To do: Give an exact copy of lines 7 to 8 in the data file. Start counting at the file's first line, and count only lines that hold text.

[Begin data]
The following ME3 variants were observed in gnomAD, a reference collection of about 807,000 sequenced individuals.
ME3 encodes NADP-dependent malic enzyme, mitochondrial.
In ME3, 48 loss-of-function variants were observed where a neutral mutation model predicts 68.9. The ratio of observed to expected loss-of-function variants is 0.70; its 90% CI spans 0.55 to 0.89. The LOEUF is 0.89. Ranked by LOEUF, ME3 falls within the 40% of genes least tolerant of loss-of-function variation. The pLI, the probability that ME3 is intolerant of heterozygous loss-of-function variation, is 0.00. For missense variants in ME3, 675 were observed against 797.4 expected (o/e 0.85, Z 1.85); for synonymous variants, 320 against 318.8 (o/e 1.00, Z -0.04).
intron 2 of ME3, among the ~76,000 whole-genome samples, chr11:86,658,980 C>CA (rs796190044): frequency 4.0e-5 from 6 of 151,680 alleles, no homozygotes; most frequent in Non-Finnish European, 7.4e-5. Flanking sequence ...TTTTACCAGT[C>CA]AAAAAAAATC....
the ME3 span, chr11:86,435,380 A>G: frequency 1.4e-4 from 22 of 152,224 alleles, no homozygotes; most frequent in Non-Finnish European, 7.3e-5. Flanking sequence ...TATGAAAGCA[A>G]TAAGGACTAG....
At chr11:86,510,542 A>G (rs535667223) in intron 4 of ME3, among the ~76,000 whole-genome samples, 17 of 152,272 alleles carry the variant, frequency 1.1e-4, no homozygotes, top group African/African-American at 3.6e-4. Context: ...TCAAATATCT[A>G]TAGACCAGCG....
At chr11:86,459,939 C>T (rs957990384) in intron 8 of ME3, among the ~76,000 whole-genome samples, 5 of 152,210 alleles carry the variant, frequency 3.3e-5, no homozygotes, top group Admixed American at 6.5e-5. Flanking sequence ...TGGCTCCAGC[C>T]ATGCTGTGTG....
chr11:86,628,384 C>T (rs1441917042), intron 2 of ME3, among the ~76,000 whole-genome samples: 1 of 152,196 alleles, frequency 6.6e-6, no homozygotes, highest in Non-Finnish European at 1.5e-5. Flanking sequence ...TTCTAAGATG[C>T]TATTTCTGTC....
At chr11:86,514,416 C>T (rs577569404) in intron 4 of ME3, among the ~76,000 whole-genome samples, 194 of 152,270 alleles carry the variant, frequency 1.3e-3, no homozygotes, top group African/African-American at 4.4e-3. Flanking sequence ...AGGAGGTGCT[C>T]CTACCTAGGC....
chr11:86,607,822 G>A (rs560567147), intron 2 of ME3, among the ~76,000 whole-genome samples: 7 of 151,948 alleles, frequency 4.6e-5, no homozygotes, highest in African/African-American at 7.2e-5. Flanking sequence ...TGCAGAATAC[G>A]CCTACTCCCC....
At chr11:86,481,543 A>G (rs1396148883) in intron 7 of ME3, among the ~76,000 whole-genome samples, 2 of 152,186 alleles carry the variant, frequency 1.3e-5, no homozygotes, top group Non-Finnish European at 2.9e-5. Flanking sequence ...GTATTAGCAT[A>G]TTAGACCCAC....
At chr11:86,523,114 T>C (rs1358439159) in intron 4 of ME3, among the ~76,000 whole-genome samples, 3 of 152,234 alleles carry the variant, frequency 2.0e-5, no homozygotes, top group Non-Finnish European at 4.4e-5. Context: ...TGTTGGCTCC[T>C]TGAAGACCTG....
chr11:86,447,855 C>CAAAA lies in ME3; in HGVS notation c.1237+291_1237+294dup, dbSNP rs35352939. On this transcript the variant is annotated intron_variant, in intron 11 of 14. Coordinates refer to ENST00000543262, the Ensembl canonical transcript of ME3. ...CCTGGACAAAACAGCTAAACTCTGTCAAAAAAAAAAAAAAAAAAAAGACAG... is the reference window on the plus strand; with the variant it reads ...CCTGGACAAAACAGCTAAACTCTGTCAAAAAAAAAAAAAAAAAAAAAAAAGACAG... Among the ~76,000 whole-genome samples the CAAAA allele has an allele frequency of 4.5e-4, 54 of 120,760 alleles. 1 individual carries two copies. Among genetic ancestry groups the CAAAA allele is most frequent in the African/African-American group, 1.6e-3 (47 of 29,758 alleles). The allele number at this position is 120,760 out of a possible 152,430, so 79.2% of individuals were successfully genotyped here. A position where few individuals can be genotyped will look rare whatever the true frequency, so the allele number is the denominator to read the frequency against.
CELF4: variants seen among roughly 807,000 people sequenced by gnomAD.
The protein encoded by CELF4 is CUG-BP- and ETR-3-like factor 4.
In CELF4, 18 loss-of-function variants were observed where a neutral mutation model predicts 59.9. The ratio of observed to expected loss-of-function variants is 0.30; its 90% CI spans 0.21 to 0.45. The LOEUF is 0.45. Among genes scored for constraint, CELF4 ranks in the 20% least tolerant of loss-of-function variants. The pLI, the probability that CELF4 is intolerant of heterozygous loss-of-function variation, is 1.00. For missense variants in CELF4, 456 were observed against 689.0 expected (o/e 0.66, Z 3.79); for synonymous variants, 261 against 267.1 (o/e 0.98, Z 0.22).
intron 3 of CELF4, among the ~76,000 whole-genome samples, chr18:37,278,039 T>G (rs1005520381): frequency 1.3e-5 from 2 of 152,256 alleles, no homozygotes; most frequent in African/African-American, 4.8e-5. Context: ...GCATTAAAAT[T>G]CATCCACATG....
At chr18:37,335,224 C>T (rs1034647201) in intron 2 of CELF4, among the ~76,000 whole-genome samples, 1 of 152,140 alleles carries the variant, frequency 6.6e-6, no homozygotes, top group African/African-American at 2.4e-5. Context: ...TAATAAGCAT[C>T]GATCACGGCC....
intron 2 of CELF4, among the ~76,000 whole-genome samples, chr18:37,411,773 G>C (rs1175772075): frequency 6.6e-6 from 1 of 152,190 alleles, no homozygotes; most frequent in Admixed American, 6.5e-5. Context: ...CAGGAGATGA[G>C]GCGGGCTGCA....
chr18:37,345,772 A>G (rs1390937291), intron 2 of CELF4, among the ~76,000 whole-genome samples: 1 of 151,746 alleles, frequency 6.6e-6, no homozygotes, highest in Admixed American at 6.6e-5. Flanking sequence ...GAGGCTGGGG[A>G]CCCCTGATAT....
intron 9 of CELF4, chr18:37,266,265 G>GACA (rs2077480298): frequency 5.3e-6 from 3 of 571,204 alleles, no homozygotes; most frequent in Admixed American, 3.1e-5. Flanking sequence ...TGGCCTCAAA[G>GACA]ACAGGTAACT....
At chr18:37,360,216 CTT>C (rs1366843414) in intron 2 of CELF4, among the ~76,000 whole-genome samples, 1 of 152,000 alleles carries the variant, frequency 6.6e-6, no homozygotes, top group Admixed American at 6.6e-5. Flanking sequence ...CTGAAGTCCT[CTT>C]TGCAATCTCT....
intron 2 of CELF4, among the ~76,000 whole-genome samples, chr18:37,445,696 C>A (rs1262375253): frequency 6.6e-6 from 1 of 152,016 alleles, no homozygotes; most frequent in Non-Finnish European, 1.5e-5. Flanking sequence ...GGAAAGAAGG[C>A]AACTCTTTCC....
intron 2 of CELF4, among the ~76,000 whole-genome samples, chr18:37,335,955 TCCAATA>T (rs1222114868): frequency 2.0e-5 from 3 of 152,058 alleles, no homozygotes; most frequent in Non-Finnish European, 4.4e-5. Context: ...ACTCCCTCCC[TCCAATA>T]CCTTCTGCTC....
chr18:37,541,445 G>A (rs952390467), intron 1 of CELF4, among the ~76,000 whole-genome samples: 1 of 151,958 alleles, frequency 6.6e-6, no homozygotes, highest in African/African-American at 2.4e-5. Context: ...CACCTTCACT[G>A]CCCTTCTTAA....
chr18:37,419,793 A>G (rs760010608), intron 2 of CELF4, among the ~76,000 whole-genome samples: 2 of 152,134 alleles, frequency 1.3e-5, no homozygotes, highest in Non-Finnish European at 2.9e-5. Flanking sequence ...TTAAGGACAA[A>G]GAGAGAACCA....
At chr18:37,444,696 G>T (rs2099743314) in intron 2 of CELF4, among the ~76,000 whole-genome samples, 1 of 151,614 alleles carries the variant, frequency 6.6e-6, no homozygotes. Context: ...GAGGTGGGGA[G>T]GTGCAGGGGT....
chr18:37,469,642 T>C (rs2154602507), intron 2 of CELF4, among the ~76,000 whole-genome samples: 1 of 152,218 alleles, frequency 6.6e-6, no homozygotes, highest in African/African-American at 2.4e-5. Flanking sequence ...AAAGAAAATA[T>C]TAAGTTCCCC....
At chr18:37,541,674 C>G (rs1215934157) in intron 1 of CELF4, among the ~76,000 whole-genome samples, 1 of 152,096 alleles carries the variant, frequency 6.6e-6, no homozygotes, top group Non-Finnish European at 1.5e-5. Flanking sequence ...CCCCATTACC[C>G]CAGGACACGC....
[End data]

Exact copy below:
At chr11:86,459,939 C>T (rs957990384) in intron 8 of ME3, among the ~76,000 whole-genome samples, 5 of 152,210 alleles carry the variant, frequency 3.3e-5, no homozygotes, top group Admixed American at 6.5e-5. Flanking sequence ...TGGCTCCAGC[C>T]ATGCTGTGTG....
chr11:86,628,384 C>T (rs1441917042), intron 2 of ME3, among the ~76,000 whole-genome samples: 1 of 152,196 alleles, frequency 6.6e-6, no homozygotes, highest in Non-Finnish European at 1.5e-5. Flanking sequence ...TTCTAAGATG[C>T]TATTTCTGTC....